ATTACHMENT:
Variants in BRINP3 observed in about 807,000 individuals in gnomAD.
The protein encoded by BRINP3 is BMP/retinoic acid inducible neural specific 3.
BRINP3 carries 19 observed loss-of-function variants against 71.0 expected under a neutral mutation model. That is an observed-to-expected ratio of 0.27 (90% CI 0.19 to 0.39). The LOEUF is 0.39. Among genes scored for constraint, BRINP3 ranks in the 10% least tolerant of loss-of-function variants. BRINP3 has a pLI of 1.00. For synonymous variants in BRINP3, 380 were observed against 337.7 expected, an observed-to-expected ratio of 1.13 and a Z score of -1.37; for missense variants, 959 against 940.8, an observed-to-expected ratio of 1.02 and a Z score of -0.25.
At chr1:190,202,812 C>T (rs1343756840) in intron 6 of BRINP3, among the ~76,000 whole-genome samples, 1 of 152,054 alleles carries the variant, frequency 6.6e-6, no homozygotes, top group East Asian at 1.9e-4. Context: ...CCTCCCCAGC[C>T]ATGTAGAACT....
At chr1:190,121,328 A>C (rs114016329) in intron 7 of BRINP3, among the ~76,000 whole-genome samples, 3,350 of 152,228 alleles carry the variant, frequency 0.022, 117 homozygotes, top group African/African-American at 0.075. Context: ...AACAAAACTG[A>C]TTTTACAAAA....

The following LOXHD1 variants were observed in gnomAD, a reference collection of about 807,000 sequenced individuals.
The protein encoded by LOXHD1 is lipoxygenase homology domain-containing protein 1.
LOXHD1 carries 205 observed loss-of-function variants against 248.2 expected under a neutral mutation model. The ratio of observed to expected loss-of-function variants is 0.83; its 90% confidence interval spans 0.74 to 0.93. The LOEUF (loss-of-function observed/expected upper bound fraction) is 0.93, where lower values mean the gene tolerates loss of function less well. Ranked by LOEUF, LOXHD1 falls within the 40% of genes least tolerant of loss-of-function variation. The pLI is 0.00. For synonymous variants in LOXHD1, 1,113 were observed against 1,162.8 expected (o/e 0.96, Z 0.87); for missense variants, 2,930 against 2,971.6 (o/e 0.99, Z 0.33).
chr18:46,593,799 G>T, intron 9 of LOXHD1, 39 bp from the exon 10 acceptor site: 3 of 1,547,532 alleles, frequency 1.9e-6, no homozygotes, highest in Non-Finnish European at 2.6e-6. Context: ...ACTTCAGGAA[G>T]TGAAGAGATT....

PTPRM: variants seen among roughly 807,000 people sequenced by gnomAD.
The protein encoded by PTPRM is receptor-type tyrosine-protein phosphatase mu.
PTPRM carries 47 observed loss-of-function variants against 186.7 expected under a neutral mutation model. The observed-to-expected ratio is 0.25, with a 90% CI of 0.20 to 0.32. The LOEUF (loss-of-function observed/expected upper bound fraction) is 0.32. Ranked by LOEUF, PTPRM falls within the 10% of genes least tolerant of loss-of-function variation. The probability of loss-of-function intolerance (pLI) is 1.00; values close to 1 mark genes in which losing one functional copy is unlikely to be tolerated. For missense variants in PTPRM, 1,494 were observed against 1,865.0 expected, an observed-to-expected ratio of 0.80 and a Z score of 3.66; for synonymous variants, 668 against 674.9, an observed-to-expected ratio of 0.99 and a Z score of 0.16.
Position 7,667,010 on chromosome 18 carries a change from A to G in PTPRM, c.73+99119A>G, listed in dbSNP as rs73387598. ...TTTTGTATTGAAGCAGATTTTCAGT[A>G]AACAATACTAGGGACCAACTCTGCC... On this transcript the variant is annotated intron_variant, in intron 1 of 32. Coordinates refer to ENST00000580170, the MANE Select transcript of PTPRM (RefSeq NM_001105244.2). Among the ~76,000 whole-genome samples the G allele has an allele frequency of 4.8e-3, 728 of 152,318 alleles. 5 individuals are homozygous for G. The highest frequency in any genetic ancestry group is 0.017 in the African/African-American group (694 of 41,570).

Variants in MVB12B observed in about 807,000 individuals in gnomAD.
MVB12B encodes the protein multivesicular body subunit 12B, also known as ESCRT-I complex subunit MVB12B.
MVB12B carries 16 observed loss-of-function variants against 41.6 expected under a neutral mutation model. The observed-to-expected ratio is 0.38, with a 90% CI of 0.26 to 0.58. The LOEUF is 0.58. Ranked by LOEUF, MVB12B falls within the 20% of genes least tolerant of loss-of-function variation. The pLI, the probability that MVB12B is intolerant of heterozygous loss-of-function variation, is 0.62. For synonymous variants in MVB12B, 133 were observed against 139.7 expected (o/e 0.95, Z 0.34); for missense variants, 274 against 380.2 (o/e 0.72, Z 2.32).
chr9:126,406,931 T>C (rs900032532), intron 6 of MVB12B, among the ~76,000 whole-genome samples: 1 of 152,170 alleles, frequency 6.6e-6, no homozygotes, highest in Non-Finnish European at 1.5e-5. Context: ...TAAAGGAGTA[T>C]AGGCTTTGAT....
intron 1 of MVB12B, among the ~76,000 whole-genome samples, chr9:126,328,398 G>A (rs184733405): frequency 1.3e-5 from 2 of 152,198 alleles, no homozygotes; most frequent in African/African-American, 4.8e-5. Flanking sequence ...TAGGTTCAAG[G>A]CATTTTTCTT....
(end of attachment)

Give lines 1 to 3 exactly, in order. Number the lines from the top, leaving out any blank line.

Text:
Variants in BRINP3 observed in about 807,000 individuals in gnomAD.
The protein encoded by BRINP3 is BMP/retinoic acid inducible neural specific 3.
BRINP3 carries 19 observed loss-of-function variants against 71.0 expected under a neutral mutation model. That is an observed-to-expected ratio of 0.27 (90% CI 0.19 to 0.39). The LOEUF is 0.39. Among genes scored for constraint, BRINP3 ranks in the 10% least tolerant of loss-of-function variants. BRINP3 has a pLI of 1.00. For synonymous variants in BRINP3, 380 were observed against 337.7 expected, an observed-to-expected ratio of 1.13 and a Z score of -1.37; for missense variants, 959 against 940.8, an observed-to-expected ratio of 1.02 and a Z score of -0.25.